- A machine on the internal net would attempt a connection to the server
- The daemon on the server sould decide that, in addition to the IP of the
internal machine attempting the connection (say 192.168.0.2), it would like
the domain name as well
- The daemon would check /etc/hosts for "192.168.0.2".  No luck, it's not
there.
- The daemon then asks the primary DNS server (configured through dhcp and
therfore "out there" on the real internet) for the domain name of
"192.168.0.2".  The DNS server doesn't know.  For some reason, this takes a
full ten seconds.
- The daemon then asks the secondary DNS server.  Now a 20 second total lag.
- The daemon gives up and contents itself with just the IP and no domain
name

Now, that 20 second lag is what killed me.  So, I cut it off at the pass; I
added entries to /etc/hosts for each machine on the internal network.  Now
192.168.0.2 reverse-resolves to "private2", with no need to query the
external DNS servers.

The interesting thing is, that my setup worked fine for months without those
entries in /etc/hosts.  I can only assume that the calls to the external DNS
servers were being made all along, but that the failure didn't cause a 10
second delay.  I would guess that my ISP changed some aspect of their DNS
servers which introduced that delay on failure.  Weird, huh?

-Josh

"Markus Scataclisma" <atlant...@earthlink.net> wrote in message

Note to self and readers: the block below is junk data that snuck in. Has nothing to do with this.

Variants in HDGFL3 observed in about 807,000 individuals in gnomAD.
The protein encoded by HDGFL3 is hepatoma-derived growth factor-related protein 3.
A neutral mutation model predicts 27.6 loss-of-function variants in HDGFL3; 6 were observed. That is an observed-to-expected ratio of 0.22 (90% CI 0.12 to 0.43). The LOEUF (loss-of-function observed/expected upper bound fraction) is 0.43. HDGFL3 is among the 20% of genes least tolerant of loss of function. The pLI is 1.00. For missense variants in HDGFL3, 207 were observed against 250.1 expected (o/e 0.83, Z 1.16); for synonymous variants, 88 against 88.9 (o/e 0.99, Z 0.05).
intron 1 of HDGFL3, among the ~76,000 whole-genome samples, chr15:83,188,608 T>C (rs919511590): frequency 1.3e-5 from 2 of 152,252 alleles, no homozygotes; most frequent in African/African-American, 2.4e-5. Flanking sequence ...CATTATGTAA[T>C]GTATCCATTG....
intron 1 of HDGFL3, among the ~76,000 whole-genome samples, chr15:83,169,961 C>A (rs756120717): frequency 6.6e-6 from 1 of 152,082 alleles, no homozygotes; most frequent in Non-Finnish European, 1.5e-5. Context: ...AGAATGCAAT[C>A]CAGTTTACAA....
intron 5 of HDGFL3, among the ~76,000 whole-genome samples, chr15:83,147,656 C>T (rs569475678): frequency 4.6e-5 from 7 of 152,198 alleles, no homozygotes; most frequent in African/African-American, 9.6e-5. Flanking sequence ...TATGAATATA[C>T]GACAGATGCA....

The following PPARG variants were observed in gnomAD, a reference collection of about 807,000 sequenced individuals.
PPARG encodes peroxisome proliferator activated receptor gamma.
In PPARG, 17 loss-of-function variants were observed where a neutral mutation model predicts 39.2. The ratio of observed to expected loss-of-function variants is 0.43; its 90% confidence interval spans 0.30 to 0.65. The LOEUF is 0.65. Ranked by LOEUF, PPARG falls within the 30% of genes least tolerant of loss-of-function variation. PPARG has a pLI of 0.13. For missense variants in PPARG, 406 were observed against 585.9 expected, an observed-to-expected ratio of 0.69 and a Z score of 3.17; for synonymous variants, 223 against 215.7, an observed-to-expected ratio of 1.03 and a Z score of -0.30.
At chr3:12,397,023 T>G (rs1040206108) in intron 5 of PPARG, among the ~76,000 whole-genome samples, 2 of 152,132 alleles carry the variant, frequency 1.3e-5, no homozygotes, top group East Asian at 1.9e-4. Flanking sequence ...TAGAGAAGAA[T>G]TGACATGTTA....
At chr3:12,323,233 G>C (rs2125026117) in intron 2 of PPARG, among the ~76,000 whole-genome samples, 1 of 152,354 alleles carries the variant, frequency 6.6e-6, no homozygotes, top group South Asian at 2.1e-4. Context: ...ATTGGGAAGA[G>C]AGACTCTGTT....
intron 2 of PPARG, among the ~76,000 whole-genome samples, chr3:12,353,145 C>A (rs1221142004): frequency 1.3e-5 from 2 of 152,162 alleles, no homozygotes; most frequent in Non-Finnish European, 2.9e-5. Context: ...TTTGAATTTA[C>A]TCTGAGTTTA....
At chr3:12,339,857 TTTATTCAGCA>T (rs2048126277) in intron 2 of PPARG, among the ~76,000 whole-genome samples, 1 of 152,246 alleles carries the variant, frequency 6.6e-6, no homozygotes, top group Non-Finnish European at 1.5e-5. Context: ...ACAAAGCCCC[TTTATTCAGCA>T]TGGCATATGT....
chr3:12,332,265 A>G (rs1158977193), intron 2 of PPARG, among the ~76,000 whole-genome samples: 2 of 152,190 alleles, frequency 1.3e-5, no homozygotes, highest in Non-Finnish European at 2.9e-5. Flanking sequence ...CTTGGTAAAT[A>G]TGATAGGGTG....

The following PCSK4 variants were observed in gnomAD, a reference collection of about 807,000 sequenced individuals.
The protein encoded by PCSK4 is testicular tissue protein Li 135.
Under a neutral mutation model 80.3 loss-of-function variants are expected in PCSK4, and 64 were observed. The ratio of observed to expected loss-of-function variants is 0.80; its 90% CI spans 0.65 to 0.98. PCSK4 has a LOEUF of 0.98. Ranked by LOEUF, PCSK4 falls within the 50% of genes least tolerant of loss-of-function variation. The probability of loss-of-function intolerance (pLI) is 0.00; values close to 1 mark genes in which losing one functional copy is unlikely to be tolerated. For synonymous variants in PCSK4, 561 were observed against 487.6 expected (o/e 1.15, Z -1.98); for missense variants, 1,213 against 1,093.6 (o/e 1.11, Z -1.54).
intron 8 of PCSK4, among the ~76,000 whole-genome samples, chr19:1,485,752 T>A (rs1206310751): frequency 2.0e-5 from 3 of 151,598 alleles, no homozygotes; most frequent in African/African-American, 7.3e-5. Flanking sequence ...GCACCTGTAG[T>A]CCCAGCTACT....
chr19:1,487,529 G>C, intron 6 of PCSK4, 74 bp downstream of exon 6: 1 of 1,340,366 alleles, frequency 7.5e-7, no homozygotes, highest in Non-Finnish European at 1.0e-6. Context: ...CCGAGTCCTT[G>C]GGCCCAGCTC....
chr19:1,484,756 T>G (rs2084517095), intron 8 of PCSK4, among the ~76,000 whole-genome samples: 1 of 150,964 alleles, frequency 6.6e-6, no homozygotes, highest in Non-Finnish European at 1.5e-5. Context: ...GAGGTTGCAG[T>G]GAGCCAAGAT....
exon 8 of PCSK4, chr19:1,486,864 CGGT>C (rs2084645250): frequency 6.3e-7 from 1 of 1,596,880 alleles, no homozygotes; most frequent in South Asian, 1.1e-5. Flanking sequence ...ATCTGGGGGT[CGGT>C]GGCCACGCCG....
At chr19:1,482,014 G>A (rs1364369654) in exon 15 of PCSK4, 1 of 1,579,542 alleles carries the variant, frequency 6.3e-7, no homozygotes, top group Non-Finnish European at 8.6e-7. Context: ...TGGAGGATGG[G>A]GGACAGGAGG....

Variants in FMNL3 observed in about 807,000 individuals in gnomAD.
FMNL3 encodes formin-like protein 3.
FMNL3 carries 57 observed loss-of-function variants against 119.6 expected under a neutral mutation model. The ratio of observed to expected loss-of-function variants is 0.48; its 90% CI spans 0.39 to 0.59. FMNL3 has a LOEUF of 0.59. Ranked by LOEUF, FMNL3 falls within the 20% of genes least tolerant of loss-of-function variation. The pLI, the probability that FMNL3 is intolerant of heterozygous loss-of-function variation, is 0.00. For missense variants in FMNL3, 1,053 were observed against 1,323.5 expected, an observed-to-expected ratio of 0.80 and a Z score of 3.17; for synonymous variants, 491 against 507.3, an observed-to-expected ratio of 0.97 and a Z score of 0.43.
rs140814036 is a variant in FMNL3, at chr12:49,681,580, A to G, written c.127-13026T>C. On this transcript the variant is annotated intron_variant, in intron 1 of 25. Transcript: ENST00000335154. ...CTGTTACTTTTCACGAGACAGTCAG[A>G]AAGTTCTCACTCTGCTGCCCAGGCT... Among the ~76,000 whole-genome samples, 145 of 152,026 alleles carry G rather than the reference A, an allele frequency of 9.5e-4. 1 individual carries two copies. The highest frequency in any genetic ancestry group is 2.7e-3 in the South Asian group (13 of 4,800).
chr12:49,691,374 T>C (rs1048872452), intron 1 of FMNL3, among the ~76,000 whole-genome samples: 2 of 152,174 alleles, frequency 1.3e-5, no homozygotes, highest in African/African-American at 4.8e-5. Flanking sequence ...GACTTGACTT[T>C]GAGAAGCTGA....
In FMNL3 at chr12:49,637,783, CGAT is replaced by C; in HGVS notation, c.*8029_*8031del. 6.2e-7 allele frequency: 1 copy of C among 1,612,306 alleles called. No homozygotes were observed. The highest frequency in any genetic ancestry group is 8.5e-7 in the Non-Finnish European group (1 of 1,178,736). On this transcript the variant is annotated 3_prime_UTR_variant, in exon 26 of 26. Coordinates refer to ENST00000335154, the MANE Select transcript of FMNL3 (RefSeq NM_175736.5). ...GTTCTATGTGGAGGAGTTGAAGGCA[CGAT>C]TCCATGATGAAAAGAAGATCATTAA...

news:cfva7.1179$xY6.127937@newsread2.prod.itd.earthlink.net...
> Hi Joshua,
>         I am writing to you because I posted a similar message for a
similar
> trouble I have. I also know other 4 people to whom the same problem we are
> experiencing appeared recently: about a month or so. I wonder if you
> resolved the problem anyhow. Or maybe we are in front of a Linux epidemic.
> for your reference the title of my post is "weird telnet FTP problem..."
and
> is just one day after your. here follows are the reply I received:

> First Reply
> _____________________________________________________________-

> Hi!,

> > 1. I have a Red Hat 6.1 box that I user for firewall and NAT
> > 2. It has two ethercards (eth0 and eth1).
> > 3. eth0 IP is the classic 192.168.0.1 for the internal network connected
> to
> > a 8 port switch (where other internal network computers also connect).